A report released by the provincial government outlines just how climate change is expected to affect Newfoundland and Labrador over the long term.
The study looks ahead 50 years.
The prediction? More rain and more storms coming, with warmer temperatures.
Environment Minister Tom Hedderson says the information is vital to improving decision-making by all levels of government, businesses and organizations.
"From agriculture, forestry and aquaculture, to infrastructure, health and tourism, that is why it is so important that we improve our understanding of what we can expect to happen so we can better plan for the future," Hedderson said.
The study found that:
- precipitation amounts during extreme events are expected to increase by at least 10 per cent at most locations;
- what is now a 1-in-100 year storm today is expected to become a 1-in-50 or 1-in-25 year storm by mid-century;
- a 1-in-25 year storm today is likely to become a 1-in-5 year storm by mid-century.
Hedderson says government departments will use this new information when building roads and bridges.
The data will also be put online for towns and cities to use for their own planning.
"This vital information improves decision-making by all levels of government, businesses and organizations when dealing with and planning for changing weather patterns," Hedderson said.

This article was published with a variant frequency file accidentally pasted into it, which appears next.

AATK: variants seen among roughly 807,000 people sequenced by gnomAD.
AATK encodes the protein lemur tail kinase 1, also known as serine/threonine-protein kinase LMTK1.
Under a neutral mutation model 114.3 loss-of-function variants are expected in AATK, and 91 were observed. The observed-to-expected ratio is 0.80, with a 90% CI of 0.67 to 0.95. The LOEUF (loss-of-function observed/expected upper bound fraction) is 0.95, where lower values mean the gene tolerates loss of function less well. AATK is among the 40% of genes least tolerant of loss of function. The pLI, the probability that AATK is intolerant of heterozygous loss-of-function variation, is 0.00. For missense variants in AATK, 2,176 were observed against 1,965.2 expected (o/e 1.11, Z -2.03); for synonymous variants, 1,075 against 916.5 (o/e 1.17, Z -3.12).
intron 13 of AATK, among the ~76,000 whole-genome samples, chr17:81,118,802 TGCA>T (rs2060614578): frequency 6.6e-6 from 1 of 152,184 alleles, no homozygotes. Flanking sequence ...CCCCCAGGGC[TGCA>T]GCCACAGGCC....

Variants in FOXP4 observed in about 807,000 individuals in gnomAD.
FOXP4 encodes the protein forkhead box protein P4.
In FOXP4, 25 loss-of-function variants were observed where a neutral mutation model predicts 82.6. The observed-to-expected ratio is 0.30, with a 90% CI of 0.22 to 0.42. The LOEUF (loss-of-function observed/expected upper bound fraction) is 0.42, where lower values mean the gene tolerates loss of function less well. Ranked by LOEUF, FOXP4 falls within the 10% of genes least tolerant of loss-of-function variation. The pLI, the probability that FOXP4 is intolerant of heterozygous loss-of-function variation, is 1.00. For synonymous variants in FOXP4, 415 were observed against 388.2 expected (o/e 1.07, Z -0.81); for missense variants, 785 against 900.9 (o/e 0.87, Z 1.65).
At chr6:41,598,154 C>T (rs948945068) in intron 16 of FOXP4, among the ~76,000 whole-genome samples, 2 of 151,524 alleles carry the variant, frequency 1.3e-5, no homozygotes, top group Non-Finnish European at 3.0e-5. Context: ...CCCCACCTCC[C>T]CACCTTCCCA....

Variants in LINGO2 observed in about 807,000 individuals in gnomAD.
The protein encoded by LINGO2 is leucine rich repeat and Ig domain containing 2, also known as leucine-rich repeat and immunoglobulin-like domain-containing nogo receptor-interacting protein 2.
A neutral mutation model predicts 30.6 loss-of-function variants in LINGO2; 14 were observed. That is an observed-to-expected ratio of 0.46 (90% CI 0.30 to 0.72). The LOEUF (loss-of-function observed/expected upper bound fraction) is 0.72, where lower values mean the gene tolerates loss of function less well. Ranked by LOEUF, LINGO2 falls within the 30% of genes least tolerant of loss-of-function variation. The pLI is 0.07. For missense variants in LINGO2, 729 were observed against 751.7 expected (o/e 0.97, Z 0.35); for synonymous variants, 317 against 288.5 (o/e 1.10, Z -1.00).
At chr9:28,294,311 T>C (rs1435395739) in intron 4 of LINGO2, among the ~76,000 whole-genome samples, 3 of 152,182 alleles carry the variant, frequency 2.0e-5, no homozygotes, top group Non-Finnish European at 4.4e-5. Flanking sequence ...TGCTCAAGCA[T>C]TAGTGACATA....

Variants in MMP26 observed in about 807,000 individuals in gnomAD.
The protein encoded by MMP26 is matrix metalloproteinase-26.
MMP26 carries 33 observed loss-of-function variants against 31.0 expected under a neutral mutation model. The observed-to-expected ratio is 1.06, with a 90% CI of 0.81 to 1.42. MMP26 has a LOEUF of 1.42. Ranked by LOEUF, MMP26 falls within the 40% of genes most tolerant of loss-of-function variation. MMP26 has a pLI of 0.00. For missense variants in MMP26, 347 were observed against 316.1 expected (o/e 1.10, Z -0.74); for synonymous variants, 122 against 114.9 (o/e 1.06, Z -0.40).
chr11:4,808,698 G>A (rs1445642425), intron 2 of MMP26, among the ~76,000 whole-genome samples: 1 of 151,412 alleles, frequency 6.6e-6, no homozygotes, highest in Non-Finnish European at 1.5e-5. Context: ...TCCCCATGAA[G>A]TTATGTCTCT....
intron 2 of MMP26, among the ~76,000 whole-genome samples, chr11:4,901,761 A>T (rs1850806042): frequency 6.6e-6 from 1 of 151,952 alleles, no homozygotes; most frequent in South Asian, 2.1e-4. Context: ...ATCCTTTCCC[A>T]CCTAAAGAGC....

The biggest temperature increases will come for Labrador. Fifty years from now, the average winter temperature will be five degrees warmer in parts of Labrador.
Overall, temperatures are expected to rise between two and four degrees in the province by the middle of the century.
That’s good news for heating, bad news if you rely on the sea ice to get around.
Warmer weather will also change the oceans, increase productivity for aquaculture, but also could mean new insects and pests.
"All indications are that things are moving faster now than even the climate models were projecting a few years ago," said Joel Finnis, the Memorial University climatologist who put together the report.
The study used temperature and precipitation data from 12 weather stations in Newfoundland and six in Labrador, then applied them to regional models to develop provincial climate projections.